Classic, traditional and almost fool-proof. This is how my mami makes it and her mami made it and her mami before her made it…
Note: You DO need a pressure cooker for this recipe. I know, I know they look dangerous but it is a standard tool in all Cuban households. I guess you could use canned beans, but if you do, be sure to rinse them first. I read online that 1 pound of dried beans = approximately 4 (15 oz.) cans of beans.
- 1 lb of dried black beans
- 1 bay leaf
Fill a pressure cooker with enough water to cover the beans (one inch or so of margin above the beans. Be sure that the water does not exceed the maximum water line on your pressure cooker). Put on high heat, until the pressure cooker begins to whistle. Turn the heat down to medium and cook for approximately 45 minutes. Be sure to depressurize the pot BEFORE you attempt to open it. To do that, carry the pot to the sink and run cold water on the outside. When it appears that all the steam/pressure has subsided, open the pot. You can also release pressure by pressing on the valve with a fork, until the steam subsides.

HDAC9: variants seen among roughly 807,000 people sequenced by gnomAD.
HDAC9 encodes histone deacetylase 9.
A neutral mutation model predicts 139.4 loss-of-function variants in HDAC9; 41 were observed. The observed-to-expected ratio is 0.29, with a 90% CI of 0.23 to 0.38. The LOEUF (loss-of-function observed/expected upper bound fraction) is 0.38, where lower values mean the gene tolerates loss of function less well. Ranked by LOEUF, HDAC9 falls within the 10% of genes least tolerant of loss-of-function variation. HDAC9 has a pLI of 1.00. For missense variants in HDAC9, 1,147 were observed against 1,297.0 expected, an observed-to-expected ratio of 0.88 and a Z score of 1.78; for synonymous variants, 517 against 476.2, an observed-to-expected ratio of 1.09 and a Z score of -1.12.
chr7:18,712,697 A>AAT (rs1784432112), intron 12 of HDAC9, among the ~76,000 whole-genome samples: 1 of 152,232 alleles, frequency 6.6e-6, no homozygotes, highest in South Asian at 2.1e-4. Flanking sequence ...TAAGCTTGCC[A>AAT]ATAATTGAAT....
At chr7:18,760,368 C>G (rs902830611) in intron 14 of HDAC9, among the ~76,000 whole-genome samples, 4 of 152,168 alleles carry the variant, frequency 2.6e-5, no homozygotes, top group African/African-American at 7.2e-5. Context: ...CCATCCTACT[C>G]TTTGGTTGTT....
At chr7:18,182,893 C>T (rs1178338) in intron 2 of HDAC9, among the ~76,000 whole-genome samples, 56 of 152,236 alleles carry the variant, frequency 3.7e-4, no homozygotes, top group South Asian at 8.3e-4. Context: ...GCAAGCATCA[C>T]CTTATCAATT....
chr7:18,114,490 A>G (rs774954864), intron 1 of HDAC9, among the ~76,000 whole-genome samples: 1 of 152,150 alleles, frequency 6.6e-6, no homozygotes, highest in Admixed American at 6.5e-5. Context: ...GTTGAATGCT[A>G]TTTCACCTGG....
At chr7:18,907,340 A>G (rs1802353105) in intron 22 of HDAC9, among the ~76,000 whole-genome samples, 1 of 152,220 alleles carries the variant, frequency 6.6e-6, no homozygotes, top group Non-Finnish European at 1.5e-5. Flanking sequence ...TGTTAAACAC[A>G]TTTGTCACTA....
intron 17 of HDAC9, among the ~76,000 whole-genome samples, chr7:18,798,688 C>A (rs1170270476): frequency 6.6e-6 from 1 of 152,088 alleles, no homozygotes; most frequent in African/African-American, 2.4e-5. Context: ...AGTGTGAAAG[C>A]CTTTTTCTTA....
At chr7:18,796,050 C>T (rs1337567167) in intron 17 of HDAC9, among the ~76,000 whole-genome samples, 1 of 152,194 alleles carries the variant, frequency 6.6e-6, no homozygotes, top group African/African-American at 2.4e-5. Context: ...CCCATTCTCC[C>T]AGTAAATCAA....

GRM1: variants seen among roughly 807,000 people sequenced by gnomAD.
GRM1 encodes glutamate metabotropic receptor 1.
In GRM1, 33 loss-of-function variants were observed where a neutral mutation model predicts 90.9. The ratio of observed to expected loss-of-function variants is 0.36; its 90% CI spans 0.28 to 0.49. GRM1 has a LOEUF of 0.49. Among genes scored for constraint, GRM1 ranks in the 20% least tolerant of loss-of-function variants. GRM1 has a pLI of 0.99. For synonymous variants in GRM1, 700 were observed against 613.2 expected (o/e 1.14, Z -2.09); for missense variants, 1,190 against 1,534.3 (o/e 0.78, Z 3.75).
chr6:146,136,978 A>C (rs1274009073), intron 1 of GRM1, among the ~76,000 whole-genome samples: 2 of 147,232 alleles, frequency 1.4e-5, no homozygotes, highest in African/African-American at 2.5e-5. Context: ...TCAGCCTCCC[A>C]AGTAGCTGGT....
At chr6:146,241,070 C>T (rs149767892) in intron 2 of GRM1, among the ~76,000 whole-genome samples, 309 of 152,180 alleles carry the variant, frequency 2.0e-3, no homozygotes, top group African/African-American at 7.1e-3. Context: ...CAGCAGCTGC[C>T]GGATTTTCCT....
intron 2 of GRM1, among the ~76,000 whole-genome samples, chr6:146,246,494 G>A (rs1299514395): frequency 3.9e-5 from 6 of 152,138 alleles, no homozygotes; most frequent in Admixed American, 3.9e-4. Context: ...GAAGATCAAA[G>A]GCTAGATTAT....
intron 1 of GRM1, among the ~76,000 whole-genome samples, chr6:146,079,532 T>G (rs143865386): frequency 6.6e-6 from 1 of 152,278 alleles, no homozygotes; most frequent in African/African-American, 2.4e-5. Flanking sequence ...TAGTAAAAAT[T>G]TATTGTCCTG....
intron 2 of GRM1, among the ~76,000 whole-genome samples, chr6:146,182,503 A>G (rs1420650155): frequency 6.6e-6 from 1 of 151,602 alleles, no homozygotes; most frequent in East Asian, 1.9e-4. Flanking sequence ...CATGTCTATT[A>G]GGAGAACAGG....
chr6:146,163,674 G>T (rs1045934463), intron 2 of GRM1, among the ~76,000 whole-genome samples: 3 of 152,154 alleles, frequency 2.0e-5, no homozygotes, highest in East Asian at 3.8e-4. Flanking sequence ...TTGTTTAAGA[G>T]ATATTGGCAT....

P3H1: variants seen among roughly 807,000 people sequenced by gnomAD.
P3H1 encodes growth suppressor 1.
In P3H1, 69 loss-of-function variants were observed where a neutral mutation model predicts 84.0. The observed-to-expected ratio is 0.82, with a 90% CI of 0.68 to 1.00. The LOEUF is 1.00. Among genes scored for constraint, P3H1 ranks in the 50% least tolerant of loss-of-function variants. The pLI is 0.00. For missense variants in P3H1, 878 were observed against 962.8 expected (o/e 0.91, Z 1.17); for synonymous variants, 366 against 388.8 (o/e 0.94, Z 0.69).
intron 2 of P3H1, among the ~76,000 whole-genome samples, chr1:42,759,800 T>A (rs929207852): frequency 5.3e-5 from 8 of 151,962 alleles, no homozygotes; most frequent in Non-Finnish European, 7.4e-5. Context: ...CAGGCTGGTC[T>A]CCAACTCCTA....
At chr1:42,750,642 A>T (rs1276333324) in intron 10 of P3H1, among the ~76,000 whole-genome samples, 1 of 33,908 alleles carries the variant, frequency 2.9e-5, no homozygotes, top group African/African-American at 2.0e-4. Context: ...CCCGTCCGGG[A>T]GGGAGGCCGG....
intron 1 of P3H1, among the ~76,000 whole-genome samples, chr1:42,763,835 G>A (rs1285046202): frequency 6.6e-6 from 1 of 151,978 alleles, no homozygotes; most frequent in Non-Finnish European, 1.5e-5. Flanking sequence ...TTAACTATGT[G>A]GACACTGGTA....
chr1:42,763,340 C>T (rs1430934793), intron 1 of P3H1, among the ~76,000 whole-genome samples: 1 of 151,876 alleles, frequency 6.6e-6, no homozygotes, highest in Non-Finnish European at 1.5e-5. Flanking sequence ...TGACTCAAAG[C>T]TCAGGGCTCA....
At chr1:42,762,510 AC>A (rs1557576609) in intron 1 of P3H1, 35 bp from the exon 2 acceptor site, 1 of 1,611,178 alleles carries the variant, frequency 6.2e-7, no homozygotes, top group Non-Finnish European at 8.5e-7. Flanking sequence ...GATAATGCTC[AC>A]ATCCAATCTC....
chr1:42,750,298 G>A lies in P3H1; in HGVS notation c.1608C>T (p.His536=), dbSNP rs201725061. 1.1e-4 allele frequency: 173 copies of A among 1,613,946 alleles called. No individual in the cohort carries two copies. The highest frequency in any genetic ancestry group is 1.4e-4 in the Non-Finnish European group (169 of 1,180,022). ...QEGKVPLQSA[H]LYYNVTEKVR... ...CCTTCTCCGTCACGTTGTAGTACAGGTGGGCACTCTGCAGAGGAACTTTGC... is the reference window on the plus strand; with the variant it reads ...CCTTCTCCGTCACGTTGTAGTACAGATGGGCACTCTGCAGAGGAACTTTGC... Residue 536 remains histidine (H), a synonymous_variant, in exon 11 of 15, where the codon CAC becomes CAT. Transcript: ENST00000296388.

Now, on to the Sofrito, the “Holy Trinity” of latin cooking:
- 1 large onion, small dice
- 1/2 green pepper, small dice
- 1/4 cup olive oil
- 2 garlic cloves, minced
- 1/2 tsp. cumin
- 1/2 tsp oregano
- white wine vinegar, splash
- sugar, pinch
- salt and pepper to taste
In a pan, sauté the onions, peppers in olive oil until translucent (do not brown). Add the garlic, cumin and oregano. Once it is well heated, add a ladleful of beans into this pan and cook for a minute or two then empty the contents of this pan back into the Black Bean pot. With the ladle, mash down a couple of times to thicken and add consistency to the beans. Mix well. Add a splash of vinegar and a pinch of sugar to the pot. Season liberally with salt and pepper. Cover and simmer. Taste and add more salt/pepper as needed.
If the beans appear too watery, mash them a bit. If the beans appear to thick, add a little water. They are easily corrected.
Serve over long grain white rice.
Courtesy: Marta, Family Recipe.